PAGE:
A second method may be used when process variable control limits are not known for all of the process variables. In particular, the process variable, PV, may be normalized as a function of the training data set collected for the process variable when the process is operating normally, which includes the observations of the process variable within the training data set: A third method uses a statistical autoscaling approach, which may also be used when process variable control limits are not known for all process variables. In particular, the process variable, PV, may be normalized as a function of the training data set collected for the process variable when the process is operating normally, which includes the observations of the process variable within the training data set: Variations of these methods and other user defined control limits (and methods of determining them) may be utilized in connection with the disclosed techniques as desired. The above-described data monitoring and analysis technique is ideal for a rapid on-line visualization and understanding of process data behavior. It can be used in process diagnostics and abnormal situation prevention applications. For instance data from multiple intelligent devices spread over a Fieldbus can rapidly be analyzed and monitored. The same is true for data from sensor arrays and bio-microarrays. The monitoring results can also be used for process optimization and quality control. Furthermore, the method can be used with statistical data modeling methods to enhance data analysis. For instance it can be used in parallel with the PCA method in order to speed-up and enhance interpretation of scored data. In accordance with certain aspects of the disclosure, the above-described visualization techniques may be integrated in an operator interface that displays the process data in other ways, such as after processing via other multivariate statistical techniques, as described below. For example, the visualization of process variables with respect to their physical limits can be used in conjunction with a PCA score plot to enable more accurate decisions about the current state of the process. The above-described univariate technique may be incorporated into a deterministic multivariate data analysis tool (examples of which are described below) that offers a method for monitoring multivariable real-time process data. In this way, the single variable monitoring model may be used for visualization of the behavior of multivariate data. More generally, an advantage of this approach is that all process variables are bundled together within a single monitoring variable. The disclosed univariate method is well suited for both on-line and off-line applications. As mentioned above, the disclosed method requires no training data when the operational limits of all process variables are known. The operational limits associated with process variables are used to develop the single variable monitoring model. In some cases, training data may be used for process variables for which the operational limits are not known. The model may be implemented on a number of software platforms, including, for instance, DeltaV™. With reference now to For instance, the function blocks The PCA function block After a sufficient amount of data has been collected, the user gives the Monitor command to the PCA block. After the Monitor command is given, the PCA block When this calculation is complete, the PCA block Each visualization plot of the PCA results may be provided or generated as part of the control system operator interface. For instance, the interface may be used to generate a PCA score plot in a DeltaV™ Process History View that plots the score over time. Alternatively or additionally, data for two PCA scores may be plotted in a two-dimensional graph, as shown and addressed above and below. The statistical limit computed results either in circular or elliptical shape that may also be provided via the operator interface. An alarm may be triggered if the score exceeds the limit. In some cases, the multivariate monitoring and diagnostics techniques described herein may be implemented in a module (or other element or system component) of a system directed to abnormal situation prevention. Like other abnormal situation prevention algorithms, the techniques may therefore be directed to detecting abnormal process situations before they occur. These algorithms generally exhibit “alertness” and accuracy continuously for a number of abnormal situations. Accordingly, the abnormal situation prevention module may be a continuous process, rather than offering a one-time, or non-real time, solution. The multivariate monitoring and diagnostics techniques described wherein may also be utilized in batch processing, whereby the function blocks This aspect of the disclosure proposes a general (open source) data-driven approach for online (i.e., real time) multivariate monitoring and diagnostics applications. Moreover, the approach generally supports creating and manipulating data for developing on-line models and comparing model parameters for use in diagnostics, fault detection, etc. The disclosed approach includes the definition of an integration platform for process monitoring and diagnostics, which ultimately may be implemented by using, a plant-wide or networked architecture, such as the PlantWeb® architecture sold by Emerson Process Management of Austin, Tex. The proposed integration platform is based on a multivariate approach and can accommodate different computational algorithms, including those utilized in the detection techniques described below. With reference to the open source nature of the data-driven platform, it is understood that the disclosed methods and systems can receive data from different input domains (e.g., Foundation Fieldbus, HART, Modbus, OPC, wireless, etc.). The data received may be on-line process data collected from any number of different transmitters, sensors and actuators and is used to define a multivariate process domain. The same data is used by the process control system and can be stored in a data historian. The flow of data through the disclosed system and module is shown in Models that may be built by this data include, but are not limited to, Principal Component Analysis (PCA), Artificial Neural Networks (ANN), Fuzzy Logic and Bayesian Decision Trees. The tools for each of the algorithms may be provided in a drop-down-window fashion by, for instance, the abnormal situation prevention module. Each of these models may be used to develop predictions, as described below. The same model may also be used for on-line monitoring. When the model is in an on-line monitoring mode, the abnormal situation prevention module uses the model output (O/P) to generate three types of outputs: statistical, normalized process variables (PVs), and process variable (PV) ratings. As shown in The statistical output is composed of scores which are low dimensional representations of multivariate data points. The low dimensional space is obtained based on directions with largest data variation in the multivariate domain. The PCA modeling is a technique that may be used for developing scores, as has been discussed above, although other modeling techniques produce scores as well. The statistical output can also contain 95% (99%) confidence limits, or σ-based limits. The concept of normalized process variables was described above in relation to both known and unknown process variable limits. Based on this concept, a bar chart (or other two-dimensional plot or graph) may be used for presenting normalized data. These charts may also contain physical or process limits that are useful for alarm identification. As described below in connection with further aspects of the disclosure, the combination of the statistical limits anti the physical limits in a single user interface provides a useful way for accurately identifying abnormal situation prevention alarm status, and as such offers a technique supportive of the abnormal situation prevention initiative. Process variable ratings may be useful in connection with abnormal situation prevention because the process variable rating is basically a rating that is given to a process variable for its variability. The more variation that the process variable exhibits the higher is its rating. This is a useful parameter in that it can easily be cross-validated with ratings obtained for monitoring the same process situation at different times. For example, if all process variables exhibit the same ratings for two or more monitoring models, the confidence in monitoring models increases. To obtain the process variable rating the following calculation may be used: The above equation is composed of model parameters, and the process variable rating obtained in this fashion is intimately related to the model. Thus, if two models correctly describe the same process event, then they rate process variables in the same order. As such, the models may be verified based upon their respective ratings. This also is generally true when models are different. For example, one model may be PCA-based and the other ANN based, and their process variable ratings are generally in the same order. Exceptions may include when the process data is nonlinear (i.e., deviates significantly from the normal distribution). It is further noted that other mode parameters may be used for model validation. PCA parameters such as the eigenvector loadings p In accordance with another aspect of the disclosure, the model output data may be used to generate alarm status and, more generally, a composite, multivariate graphical interface for operators. With reference now to The bi-plot offers an easy way to relate an on-line score (black dot) to the process variables. The line closest to the score determines the dominant process variable for the score. Now since the lines are always in the same locations and the score is the only dynamic component on the graph, the operator can quickly understand which process variable, or a group of process variables, are most influential for a score projected at any given instant of time. As such, the operator can become quickly familiar with all process variables through a single display. With regard to implementation options, the disclosed user interface displays (and the system or module responsible for generating them) may be implemented in DeltaV™, Ovation® or any other control system platform. For instance, the PCA-based function blocks may be utilized to this end. Alternatively, Visual Basic (VB) with .NET technology may also be utilized as an implementation platform. In one case, an exemplary implementation strategy may incorporate some combination of VB.NET and DeltaV™ or Ovation®. Notwithstanding the foregoing, implementation may also be accomplished on different software platforms, (i.e., Java, Delphi, C++). Further details regarding the operator display interfaces of It is noted that despite the usefulness of PCA, the PCA technique does not readily convey information about process dynamics. This is generally due to the use of scatter plots to display the results of the PCA analysis (scores). The scatter plots, although useful, are generally static representations of process data. As discussed above, multidimensional training or monitoring data sets are projected (scored) onto the lower dimensional principal component space. Typically the first two principal components capture the largest variations in data, and as a result they produce a scatter plot with most significant information about data behavior. Hotelling's T As is apparent from the above, recordation and interpretation of scores through scatter plots results in a degree of uncertainty associated with the data being interpreted incorrectly. Unfortunately, as discussed above, experience has shown that this approach often leads to false alarms. The main reason for this is that the statistically calculated limits do not take into account the actual physical limits of the process variable. Each score is a linear combination of the mean-centered input variables. For example, inside and outside the confidence limit region, there is an ambiguity of 5% (1%), such that there is not a 100% assurance that any given score is normal or abnormal, and traditional PCA is not always reliable in detecting abnormal situations. For example, a PCA score may trigger an abnormal situation when one does not exist (false alarm), and conversely a PCA score can indicate a normal behavior when the process is actually behaving abnormally (missed diagnostics). It is apparent this is not generally acceptable when determining abnormal situations and issuing abnormal alerts. The question is what happens when one takes the same linear combination of the physical limits. Because process variables have different scales, it is not always clear how one would transform these limits onto a PCA score plot. The interface displays of Conversely, it is also possible for the PCA Score plot to indicate that there is a problem, while all of the process variables are still within their physical operating limits. Referring to False call diagnostics may also be experienced. In The two on-line graphical representations can accurately diagnose whether a data point corresponds to a normal or abnormal process situation. Moreover if abnormal situation occurs, process variables that have violated normal status can instantly be identified. The significance of these variables for process operations, however, may not be the same. The importance of process variables for a particular monitoring requirement are determined from the PCA loading values in the loading matrix P. If the process variable signaling an alert is associated with a small PCA loading value it may have a very little significance to process operations, and the alert may be classified simply as warning. In contrast, if the loading value is high a variable is likely to be significant for process operations and high alert should be advised. The foregoing visualization techniques and accompanying operator interfaces may be realized within any process control system architecture or platform and, in any case, may be supported by the functionality implemented by the PCA block described above. Detection of Steady-state Operation with Multivariate Statistical Techniques Many abnormal situation prevention algorithms rely on making a detection by learning the initial state of one or more of the process variables, and then triggering an alarm when the process variables change in a certain manner. However, many of these abnormal situation prevention algorithms also require that the process be in a steady-state, both before training for the initial conditions, and before making a detection. It is easy for a human operator to look at a plot of one or more process variables, and tell whether or not they are at a steady-state. However, to create an algorithm which can reliably make this determination is significantly more difficult. A technique directed to detecting steady-state is now described. The technique is capable of making the determination based on monitoring multiple process variables. In the past, given a process variable x, the mean and standard deviation can be calculated over non-overlapping sampling windows of a given length (e.g. five minutes). The mean is calculated by Let One next addresses what should constitute the parameter s used in this calculation. If the process is in steady-state, and the sampling window is chosen correctly, we should find that s In that case, the criteria for declaring steady-state is | Of course, it would be possible to make the multiple of “3” a user-configurable parameter. However, this complicates the configuration of an abnormal situation prevention system, particularly when there are many process variables. The functionality of calculating mean and standard deviation of a process variable and determining steady-state, as well as other functionality not documented here, may be encapsulated into a Statistical Process Monitoring (SPM) block, as described above. In accordance with another aspect of the disclosure, a steady-state detection technique includes using the scores generated by a PCA model (rather than the process variable data directly) to determine whether a process with multiple process variables is in a steady state. The embodiment shown in While the first component may be the most statistically significant, alternative embodiments may use multiple scores of the PCA model, as shown in A method implementing this technique may include collecting process data form all process variables, creating a PCA model of the process, coupling the first PCA score to a Statistical Process Monitoring (SPM) block, and declaring the system to be at a steady-state if the SPM block declares the first PCA score to be at a steady-state. The SPM block calculates means ( In some cases, steady-state is determined by | The techniques and methods described above may be implemented with one or more additional SPM blocks coupled to the second and greater PCA Scores, and a logic module which takes as inputs the steady-state detection of each of the SPM blocks and generates an output signal that indicates that the entire system is at a steady-state if all of the SPM blocks indicate a steady-state. The logic module may additionally declare the entire system to be an unsteady process if any of the SPM blocks indicates an unsteady process Alternatively or additionally, other multivariate techniques may be used with the SPM block for detecting steady state. Such techniques include PLS, PCR, FDA, CVA, etc. Although shown in Detection of Transient Dynamics Dynamic behavior is commonly encountered in process operations. For instance, a process exhibits transient behavior due to chances in input or load variables such as now rates. This is quite common in fired heaters because they usually run under various flowrates of crude oil. When doing fault or abnormal situation detection, it is important to distinguish between normal operating condition and transient data. This is because in transient region a process is not behaving in a normal fashion, and usually a false diagnostic can easily be construed. In fired heaters the outlet temperature of crude oil overshoots and takes time to drop to the normal level when the flowrate of crude oil increases. This is because the change in flowrate is faster than the change in the manipulated variable (fuel flowrate). In other words, in first order dynamic systems, final temperature will need time equal to the time constant plus any lag, time to reach its new steady state point. Hence, it is useful to distinguish between dynamic transient region and steady state, or set point, regions of operation when detecting a fault or abnormal situation. In accordance with another aspect of the disclosure, dynamic transient operation is detected using a multivariate statistical technique based on, for instance, principal component analysis (PCA). The disclosed technique is described in connection with dynamic transients in fired heaters, although the disclosed technique is well suited for implementation in connection with other process control contexts. The detection method may also integrate PCA-based techniques with principal component regression (PCR) to differentiate between abnormal situations and dynamic transients in fired heaters. The example of detecting coking (or fouling) in fired heater tube-passes will be used to illustrate the robustness of the proposed method. It is important to identify transient behavior of the process to avoid false alarms in the detection algorithm. Detection during transient modes can lead to false results and false alarms. It is also important to note that the proposed algorithm in this work can easily be extended to address transient modes in other processes or unit operations such as distillation columns and heat exchangers. Turning to One of the major problems in fired heaters is coking. Due to elevated temperatures in the fired heaters, crude oil cracks and forms a residue carbon called coke. Coke gets deposited over time on the inside surface of tubes causing lower performance of the tubes or the fired heater in general. This process is called fouling. As time progresses, the performance of fired heaters gets poorer and sudden shut down may take place to clean the fired heater. In some instances, some tubes may get severe blockage. It is highly desired to monitor coke formation inside fired heater tube passes to schedule unit cleaning. Fired heaters present a multivariate data structure that is well suited for analysis using the multivariate monitoring and diagnostics techniques and tools described herein, referred to herein at times as MMDM (i.e., multivariate monitoring and diagnostics module) tools. The process variables (PVs) set forth in Table 1 are monitored and processed by the MMDM tools in accordance with the techniques described herein. These process variables are also illustrated in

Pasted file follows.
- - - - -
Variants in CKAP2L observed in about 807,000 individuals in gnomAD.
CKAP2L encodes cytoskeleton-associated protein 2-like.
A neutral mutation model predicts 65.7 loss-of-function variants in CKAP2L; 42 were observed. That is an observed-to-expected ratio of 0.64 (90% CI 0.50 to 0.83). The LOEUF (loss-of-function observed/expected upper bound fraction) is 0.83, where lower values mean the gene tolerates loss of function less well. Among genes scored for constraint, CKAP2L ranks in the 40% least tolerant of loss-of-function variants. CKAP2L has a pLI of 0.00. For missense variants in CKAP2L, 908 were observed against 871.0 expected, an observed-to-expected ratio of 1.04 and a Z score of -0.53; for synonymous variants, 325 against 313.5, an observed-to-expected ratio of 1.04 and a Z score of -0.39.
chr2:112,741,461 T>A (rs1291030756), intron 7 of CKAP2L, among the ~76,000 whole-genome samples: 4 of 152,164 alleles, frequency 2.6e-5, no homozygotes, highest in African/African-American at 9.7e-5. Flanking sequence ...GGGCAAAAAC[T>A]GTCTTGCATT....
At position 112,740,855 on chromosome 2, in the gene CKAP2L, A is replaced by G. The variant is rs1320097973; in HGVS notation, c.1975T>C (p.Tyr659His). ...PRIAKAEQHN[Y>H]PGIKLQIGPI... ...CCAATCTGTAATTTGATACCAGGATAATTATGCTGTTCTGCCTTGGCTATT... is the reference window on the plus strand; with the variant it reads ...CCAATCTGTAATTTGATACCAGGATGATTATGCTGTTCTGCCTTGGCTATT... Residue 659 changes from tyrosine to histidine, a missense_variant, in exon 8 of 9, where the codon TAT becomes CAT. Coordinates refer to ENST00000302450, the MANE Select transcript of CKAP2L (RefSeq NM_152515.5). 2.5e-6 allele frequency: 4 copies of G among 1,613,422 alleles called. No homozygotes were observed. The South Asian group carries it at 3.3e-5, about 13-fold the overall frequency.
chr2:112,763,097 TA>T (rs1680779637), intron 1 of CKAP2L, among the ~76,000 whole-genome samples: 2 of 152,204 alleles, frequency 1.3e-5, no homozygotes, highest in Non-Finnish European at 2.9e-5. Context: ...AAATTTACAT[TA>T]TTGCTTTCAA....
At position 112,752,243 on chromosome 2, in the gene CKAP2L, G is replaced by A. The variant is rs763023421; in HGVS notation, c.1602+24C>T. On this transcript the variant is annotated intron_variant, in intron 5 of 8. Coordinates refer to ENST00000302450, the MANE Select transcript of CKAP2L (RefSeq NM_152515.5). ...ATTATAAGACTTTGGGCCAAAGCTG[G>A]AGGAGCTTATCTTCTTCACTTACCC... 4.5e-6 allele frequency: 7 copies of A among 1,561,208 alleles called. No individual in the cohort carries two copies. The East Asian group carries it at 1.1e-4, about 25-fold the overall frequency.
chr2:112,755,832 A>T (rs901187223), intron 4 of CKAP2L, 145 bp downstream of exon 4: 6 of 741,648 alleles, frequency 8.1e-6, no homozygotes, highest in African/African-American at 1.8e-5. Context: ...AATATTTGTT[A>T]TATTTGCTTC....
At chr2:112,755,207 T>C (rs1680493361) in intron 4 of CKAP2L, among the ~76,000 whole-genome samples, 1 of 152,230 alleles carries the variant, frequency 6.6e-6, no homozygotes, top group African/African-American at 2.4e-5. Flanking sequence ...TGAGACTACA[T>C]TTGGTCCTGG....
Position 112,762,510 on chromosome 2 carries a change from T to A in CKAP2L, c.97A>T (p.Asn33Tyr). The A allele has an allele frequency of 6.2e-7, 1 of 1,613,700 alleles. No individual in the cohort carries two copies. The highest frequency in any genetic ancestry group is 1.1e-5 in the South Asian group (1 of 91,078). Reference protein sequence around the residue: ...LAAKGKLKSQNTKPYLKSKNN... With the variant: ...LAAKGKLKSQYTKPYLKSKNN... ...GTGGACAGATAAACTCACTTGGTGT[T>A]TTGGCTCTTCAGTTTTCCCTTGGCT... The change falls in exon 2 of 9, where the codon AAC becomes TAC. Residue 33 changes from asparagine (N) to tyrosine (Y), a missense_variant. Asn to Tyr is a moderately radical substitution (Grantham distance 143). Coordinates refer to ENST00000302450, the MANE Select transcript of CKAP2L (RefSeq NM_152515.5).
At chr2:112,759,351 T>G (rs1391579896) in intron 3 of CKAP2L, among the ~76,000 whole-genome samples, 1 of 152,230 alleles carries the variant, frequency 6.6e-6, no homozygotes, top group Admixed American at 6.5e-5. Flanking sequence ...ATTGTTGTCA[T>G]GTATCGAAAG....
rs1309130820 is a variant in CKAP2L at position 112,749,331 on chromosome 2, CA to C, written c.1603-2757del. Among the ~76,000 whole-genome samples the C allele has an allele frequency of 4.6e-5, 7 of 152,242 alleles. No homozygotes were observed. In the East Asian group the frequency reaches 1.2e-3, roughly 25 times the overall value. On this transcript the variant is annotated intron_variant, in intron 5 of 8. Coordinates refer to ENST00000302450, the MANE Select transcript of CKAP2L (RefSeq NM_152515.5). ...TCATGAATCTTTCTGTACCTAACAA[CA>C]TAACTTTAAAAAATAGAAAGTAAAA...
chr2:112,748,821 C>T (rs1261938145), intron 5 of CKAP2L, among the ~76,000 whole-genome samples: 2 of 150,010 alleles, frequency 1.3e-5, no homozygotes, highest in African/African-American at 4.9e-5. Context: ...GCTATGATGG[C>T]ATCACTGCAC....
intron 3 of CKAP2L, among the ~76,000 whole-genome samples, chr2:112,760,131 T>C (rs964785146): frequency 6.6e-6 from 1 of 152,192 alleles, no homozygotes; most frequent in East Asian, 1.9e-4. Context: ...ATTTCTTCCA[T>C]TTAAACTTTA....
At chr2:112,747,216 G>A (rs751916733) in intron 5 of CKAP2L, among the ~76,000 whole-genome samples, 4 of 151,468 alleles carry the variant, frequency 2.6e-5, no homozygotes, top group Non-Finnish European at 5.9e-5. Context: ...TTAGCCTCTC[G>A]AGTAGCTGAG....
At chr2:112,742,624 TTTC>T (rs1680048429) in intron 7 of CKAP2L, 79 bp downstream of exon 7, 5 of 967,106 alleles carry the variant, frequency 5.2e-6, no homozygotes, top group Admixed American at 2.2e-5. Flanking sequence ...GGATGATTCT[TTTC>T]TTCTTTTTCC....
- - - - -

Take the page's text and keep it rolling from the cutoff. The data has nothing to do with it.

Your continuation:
The region inside the dashed line Turning to As for the dependent process variable (Tout), we use training data to create a regression type PCR model. This is accomplished by the MM DM tool during the model building session. The PCR model is then accessed by pushing, the PCR tab in the operator interface window, and the display window depicted in To validate a detection of transient behavior by using the PCA model developed, a validation data set (4300 data points) was created for various crude oil flowrates. T Based on the foregoing, the inclusion of controlled variables in the model is useful in detecting transient or dynamic behavior. This is expected since controlled variables get affected directly by changing any load or input variables. From the discussion presented it is apparent that during the transition period, the process behaves dynamically and the predicted Y will be different than the actual Y. Hence, it is important not to do any coke detection during a transient. The way to do that is to use behavior of T In accordance with the foregoing aspect of the disclosure, a PCA-based monitoring technique has been implemented for on-line detection of transient behavior in process operations. A PCR regression technique may also be for on-line detection of transient behavior in process operations. The combination of both PCA and PCR techniques supports the characterization of process alerts, as the disclosed techniques can distinguish between an alert of an abnormal situation prevention type and one caused by process transients. Alternative designs are possible by using techniques such as multivariable regression, artificial neural-networks and Bayesian decision trees. Exemplary Application: Coke Detection in Fired Heaters with PCA and PCR Turning to As described below, the disclosed coking detection method generally includes three steps: gathering training data, developing a model using PCA and PCR techniques, and using actual and predicted values of a targeted process variable to detect the coking fault. The training data gathered is generally real-time data, which is free of faults and representative of the expected operational range of the load variables. For example, training data may include minimum and maximum crude flow rates that are expected to be encountered in running the fired heater. The model to be developed may also benefit from having several flowrates between the minimum and maximum flowrates. In some cases, training data is gathered to cover each range of load variables, and may also include transient (i.e., dynamic) data for changing load variables. Generally the sampling time and set point for the controlled variable may remain constant throughout the training data set. Given data having the fore going characteristics, the training data may be collected in a variety of ways. For instance, data may be collected on-line or be extracted from the process data historian. In any case, practice of the disclosed method is not limited to the manner in which the training data is gathered. Multiple process variables are used to support robust coke detection in the tube-passes. In this exemplary case, the disclosed method utilizes the process variables set forth in Table 1 and depicted in The fired heater provides a multivariate data stricture well suited for analysis using the above-described multivariate monitoring, and diagnostics module (MMDM). Once the six independent variables are selected for monitoring, the selected variables are used to create a normalized process variable data model, as well as PCA model with score plots. The gathered process variable data provides the training, data for model development. The developed model is then used to generate the operator interface for on-line monitoring, as described above. As shown in, for instance, As for the dependent process variable (Tout), the training data is also used to create a regression type PCR model. As described above, the generation of the PCR model is accomplished automatically by the MMDM tool during implementation of the model building procedure. The PCR model may then be accessed by selecting the PCR tab in the operator interface, which may generate the exemplary display window shown in Embodiments of the disclosed fired heater monitoring system and method suitable for coke detection are now described. Coke formation can be indicated if the actual value of Tout (Y) is consistently lower than the predicted value {circumflex over (T)} out (Ŷ). This means that the actual pass outlet temperature is continuously lower than the predicted temperature. In this case no false alarms or alerts will ever be issued. Absolute values or mean values of Y can be used for this purpose. It will be illustrated later that the deviation of actual Y from Ŷcan give excellent indication of the severity of coking. This is an excellent tool that can be used by plant engineers and operators to schedule unit cleaning or shut down based on the actual unit performance. It is recommended that the ratio Y/Ŷ be plotted as a function of time. This way the engineers or operators can continuously monitor the performance of the unit and detect unit degradation or coking. Alternatively, the difference between the two values can be monitored as function of time. Based on the ratio of Y to Ŷ, plant personnel can decide what action to take. Since coking is a slow process, plant personnel may not select to enforce alarms or alerts. However, it is easy to activate alerts or alarms based on threshold limits. For example, alerts can be issued if the ratio gets down to a certain limit (λ). For instance, Various alerts can be issued to indicate the severity of coking. For example, λ More generally, the disclosed coke detection method includes the following steps: obtaining sufficient training data, developing a statistical model, and using the model for monitoring unit performance. Training and Validation for Disclosed Technique. The training and validation data for the fired heater was generated by, and obtained from a hi-fidelity simulator, SSPRO, commercially available from GSE Systems. The sampling rate was one second. The flowrate of fuel was manipulated to achieve the desired target final temperature of the crude oil. The simulation had flexibility to introduce coking of various severity levels. The simulation was used to obtain training data and simulation data. The seven process variables were recorded and used in the multivariate analysis provided by the MMDM tool. The training was run with various flowrates. The flowrate and inlet temperature of the crude oil were allowed to have uniform noise, as to imitate real plant operation. Approximately 30,000 real-time process data points were collected. The training data was used to develop MMDM models, and the scatter plot produced by the MMDM tool is illustrated in Several real-time simulation data files were collected with various coking, levels to test the robustness of the proposed abnormal situation detection. The simulation data points contain both good and faulty data. In order to introduce coking into the tube-pass, the overall heat transfer coefficient (U) was intentionally lowered. Several data sets were gathered as follows. In Set In this exemplary application, the PCR regression model developed for this specific case is Y=B Before using this model for monitoring new data for fault (coke) detection, the model was tested by using, new set of validation data. The purpose of this step was to ensure robustness of the model. The model was also used to predict Y(tout) for flow rates higher than what was used in the training data by 12%. In other words, the model was used to predict behavior of the process for flow rates outside the range of flow rates used in the training data. The above-described model was used to detect coking in the validation data. The model was able to detect coking for all simulated validation data. Another set of data was used to verify the proposed detection methodology. The set contains good data where a sudden large fault (coking) of high value is introduced. In summary, the above-described technique (and underlying model) is directed to coke, fouling and other fault detection in fired heater tube passes using PCA/PCR. To that end, the inlet temperature of the crude oil, the tube-pass crude flowrate, the total crude flowrate, the tube-pass outlet temperature, the final temperature the fuel flowrate, and the fuel outlet temperature may be monitored, and the tube-pass outlet temperature may be used as a performance indicator of the fired heater. In some cases, the performance indicator is modeled using PCA anti predicted using PCR for operating conditions within the range of training data for the model. Nonetheless, PCR may be used for the prediction of the key performance indicator of the fired heater for operating conditions outside the range of the training data. Turning to the aspects of the disclosure addressed in As described above, the PCA-based techniques may be integrated with a distributed process control systems (DCS) for implementation in connection with on-line monitoring and diagnostics. The disclosed techniques also enabled the creation and manipulation of data for developing on-line models and comparing model parameters. PCA-based techniques were also applied to the specific details presented by the challenge of determining coking levels in fired heaters using Principal Component Regression (PCR) analysis. This aspect of the disclosure provides a method for detecting slow varying process changes, such as coking, without using a regression-based approach. The disclosed method is instead based on continuously, repeatedly or otherwise constantly developing PCA models during process operations, and comparing the developed models to a baseline model developed under normal process operating conditions. The disclosed technique may provide a more robust solution in certain applications (e.g., abnormal situation prevention applications) relative to others that use regression for the reasons set forth below. One main reason is that a regression-based technique generates a prediction every time data points are read from a field device communication link (e.g., Fieldbus, Modbus, wireless, etc.). As a result, regression-based techniques provide a current prediction of a process state, which may then be processed or evaluated via logic to determine a diagnostic status. This process often creates false alerts/alarms due to dynamic process changes such as setpoint and steady-state chances, as well as outlier noise in data strings. These types of alerts often become troublesome for operators and, accordingly, should be minimized, if not eliminated all together. In contrast, the disclosed approach creates data files of predetermined dimension in the background of process operation either continually or on-demand. These data files are then used to generate PCA model updates used for evaluating process performance. As a result, the disclosed method may be more robust, as it is not entirely dependent on the current process data values. Instead, the disclosed method may generate an alert report based on process performance diagnostic based on a long term data behavior, which, for instance, may be determined by the size of data files. Further details of the disclosed method are described below. At the outset, to develop PCA model one starts with a training data file. The training data may represent data collected during normal process operating conditions. As described above, the data file may thus contain rows of data (observations) and columns, where each column corresponds to an assigned process variable (PV). The process variables may be either raw data, or statistical signatures obtained from the raw data, (i.e., abnormal situation prevention block data). Consequently, the data file contains n columns and m rows with a usual assumption that m>>n. With such an assignment, the model addresses n process variables with m observations and contains m×n data matrix X, which is autoscaled as described above. The actual model may then be constructed by evaluating spectral components of the n×n covariance matrix S, where S=X After the Eigenvalues and Eigenvectors are computed, it is necessary to determine which ones are the significant principal components, usually corresponding to the important variation in a process and which are insignificant, usually corresponding to the noise. There are a number of known methods that can address this issue. Whichever method is chosen, the final result is determining the number of significant principal components, a, that will be retained for the PCA model. Then, the loading matrix Pε ^{n×a }is created by taking the first a columns (eigenvectors) from V. The projection of the original observations onto the subspace defined by the loading matrix is called the score matrix, and denoted by T=X·P. The columns of T are called the scores of the PCA model, referred to as t_{1}, t_{2}, . . . t_{a}, and the n×a matrix P is the PCA model.